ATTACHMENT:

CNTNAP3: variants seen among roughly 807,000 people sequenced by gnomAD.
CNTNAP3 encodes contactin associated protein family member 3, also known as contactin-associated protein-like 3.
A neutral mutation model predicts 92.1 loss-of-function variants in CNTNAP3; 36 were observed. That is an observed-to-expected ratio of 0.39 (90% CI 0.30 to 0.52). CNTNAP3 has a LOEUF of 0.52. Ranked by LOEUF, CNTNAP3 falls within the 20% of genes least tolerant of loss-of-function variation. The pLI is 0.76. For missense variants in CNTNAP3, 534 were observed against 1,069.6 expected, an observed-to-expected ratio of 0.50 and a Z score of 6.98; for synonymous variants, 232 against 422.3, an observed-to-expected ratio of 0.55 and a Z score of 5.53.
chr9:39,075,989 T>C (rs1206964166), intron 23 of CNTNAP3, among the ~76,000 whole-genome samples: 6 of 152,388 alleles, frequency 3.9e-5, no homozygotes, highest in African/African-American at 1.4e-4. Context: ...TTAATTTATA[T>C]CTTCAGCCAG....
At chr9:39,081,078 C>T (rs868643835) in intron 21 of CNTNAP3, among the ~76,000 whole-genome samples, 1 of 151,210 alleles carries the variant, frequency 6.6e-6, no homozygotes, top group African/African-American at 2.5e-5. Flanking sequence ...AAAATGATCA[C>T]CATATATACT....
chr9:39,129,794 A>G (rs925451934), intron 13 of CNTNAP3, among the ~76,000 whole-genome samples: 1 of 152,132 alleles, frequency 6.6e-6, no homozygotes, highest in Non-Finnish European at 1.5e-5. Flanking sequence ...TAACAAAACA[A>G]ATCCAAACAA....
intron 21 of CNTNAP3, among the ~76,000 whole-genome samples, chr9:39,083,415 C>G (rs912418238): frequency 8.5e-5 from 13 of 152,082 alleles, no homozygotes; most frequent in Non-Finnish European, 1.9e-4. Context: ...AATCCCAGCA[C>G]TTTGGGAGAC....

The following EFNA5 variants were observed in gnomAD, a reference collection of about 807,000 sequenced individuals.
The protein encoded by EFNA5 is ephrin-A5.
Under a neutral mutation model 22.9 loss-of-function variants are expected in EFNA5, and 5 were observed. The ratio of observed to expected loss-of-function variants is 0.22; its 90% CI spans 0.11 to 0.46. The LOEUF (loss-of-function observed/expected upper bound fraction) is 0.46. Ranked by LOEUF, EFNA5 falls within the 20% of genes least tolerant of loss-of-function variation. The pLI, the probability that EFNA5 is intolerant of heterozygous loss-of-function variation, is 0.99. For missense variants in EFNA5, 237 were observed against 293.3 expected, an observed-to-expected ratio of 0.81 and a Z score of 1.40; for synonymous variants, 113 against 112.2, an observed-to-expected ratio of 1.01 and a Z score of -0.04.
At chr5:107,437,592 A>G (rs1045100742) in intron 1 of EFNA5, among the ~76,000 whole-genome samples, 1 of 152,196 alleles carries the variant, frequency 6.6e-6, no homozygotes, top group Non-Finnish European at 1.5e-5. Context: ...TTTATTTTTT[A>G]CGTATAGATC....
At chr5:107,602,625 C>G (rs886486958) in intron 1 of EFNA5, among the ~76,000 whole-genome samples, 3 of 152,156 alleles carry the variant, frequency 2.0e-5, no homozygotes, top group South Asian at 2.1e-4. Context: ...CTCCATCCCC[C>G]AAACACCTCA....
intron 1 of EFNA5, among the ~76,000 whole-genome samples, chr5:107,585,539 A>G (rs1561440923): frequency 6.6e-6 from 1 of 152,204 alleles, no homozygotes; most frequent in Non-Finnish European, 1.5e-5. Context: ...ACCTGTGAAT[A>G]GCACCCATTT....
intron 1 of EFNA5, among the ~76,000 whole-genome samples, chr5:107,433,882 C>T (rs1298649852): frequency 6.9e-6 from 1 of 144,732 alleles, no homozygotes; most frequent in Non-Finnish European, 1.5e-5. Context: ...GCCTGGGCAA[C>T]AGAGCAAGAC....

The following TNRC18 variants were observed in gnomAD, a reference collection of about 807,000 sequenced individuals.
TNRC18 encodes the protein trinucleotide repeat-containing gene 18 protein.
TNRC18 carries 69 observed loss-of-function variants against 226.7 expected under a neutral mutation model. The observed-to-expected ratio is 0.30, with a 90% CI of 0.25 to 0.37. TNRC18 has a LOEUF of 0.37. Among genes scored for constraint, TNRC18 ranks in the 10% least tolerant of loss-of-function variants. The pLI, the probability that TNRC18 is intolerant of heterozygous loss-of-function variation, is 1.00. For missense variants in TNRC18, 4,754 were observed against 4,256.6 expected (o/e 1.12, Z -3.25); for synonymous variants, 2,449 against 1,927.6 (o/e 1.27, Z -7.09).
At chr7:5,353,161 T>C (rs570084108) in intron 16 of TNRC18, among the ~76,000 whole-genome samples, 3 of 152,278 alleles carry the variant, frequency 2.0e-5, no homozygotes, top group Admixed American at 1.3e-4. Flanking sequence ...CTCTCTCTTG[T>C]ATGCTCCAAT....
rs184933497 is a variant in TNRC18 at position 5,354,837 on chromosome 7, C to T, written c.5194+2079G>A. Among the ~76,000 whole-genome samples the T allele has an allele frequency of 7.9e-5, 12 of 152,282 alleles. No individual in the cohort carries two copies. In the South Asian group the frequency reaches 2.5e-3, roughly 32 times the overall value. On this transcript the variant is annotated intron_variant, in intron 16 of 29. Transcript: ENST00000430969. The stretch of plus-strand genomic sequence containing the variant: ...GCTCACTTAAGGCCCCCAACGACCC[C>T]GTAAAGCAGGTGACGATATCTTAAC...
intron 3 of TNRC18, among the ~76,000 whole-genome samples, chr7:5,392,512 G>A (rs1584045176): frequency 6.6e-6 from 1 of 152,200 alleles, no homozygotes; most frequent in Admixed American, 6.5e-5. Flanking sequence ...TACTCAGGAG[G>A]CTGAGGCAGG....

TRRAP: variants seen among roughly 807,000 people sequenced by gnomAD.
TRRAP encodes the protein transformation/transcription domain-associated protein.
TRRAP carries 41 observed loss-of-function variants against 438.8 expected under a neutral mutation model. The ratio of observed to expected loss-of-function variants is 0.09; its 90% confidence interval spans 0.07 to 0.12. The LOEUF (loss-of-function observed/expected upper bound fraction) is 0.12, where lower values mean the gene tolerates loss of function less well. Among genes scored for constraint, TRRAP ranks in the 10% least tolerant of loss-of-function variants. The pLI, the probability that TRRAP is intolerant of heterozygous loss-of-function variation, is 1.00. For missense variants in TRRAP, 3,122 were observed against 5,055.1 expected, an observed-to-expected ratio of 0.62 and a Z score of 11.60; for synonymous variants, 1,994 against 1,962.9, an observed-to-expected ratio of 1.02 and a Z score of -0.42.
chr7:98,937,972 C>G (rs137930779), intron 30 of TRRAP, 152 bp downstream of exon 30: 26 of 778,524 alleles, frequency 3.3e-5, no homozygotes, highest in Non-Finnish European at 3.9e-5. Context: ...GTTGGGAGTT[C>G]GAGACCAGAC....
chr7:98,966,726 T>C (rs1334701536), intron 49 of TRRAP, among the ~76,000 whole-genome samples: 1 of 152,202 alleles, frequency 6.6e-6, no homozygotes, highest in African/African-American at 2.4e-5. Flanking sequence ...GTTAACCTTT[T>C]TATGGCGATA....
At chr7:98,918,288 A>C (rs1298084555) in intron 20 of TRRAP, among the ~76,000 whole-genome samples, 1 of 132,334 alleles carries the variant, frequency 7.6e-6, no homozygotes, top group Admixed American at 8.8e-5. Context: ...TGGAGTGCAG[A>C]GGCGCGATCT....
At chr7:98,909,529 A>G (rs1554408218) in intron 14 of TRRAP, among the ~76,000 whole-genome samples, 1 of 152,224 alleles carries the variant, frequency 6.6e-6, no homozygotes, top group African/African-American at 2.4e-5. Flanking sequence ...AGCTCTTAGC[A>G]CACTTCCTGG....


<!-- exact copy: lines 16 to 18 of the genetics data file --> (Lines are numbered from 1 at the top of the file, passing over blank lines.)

TNRC18 encodes the protein trinucleotide repeat-containing gene 18 protein.
TNRC18 carries 69 observed loss-of-function variants against 226.7 expected under a neutral mutation model. The observed-to-expected ratio is 0.30, with a 90% CI of 0.25 to 0.37. TNRC18 has a LOEUF of 0.37. Among genes scored for constraint, TNRC18 ranks in the 10% least tolerant of loss-of-function variants. The pLI, the probability that TNRC18 is intolerant of heterozygous loss-of-function variation, is 1.00. For missense variants in TNRC18, 4,754 were observed against 4,256.6 expected (o/e 1.12, Z -3.25); for synonymous variants, 2,449 against 1,927.6 (o/e 1.27, Z -7.09).
At chr7:5,353,161 T>C (rs570084108) in intron 16 of TNRC18, among the ~76,000 whole-genome samples, 3 of 152,278 alleles carry the variant, frequency 2.0e-5, no homozygotes, top group Admixed American at 1.3e-4. Flanking sequence ...CTCTCTCTTG[T>C]ATGCTCCAAT....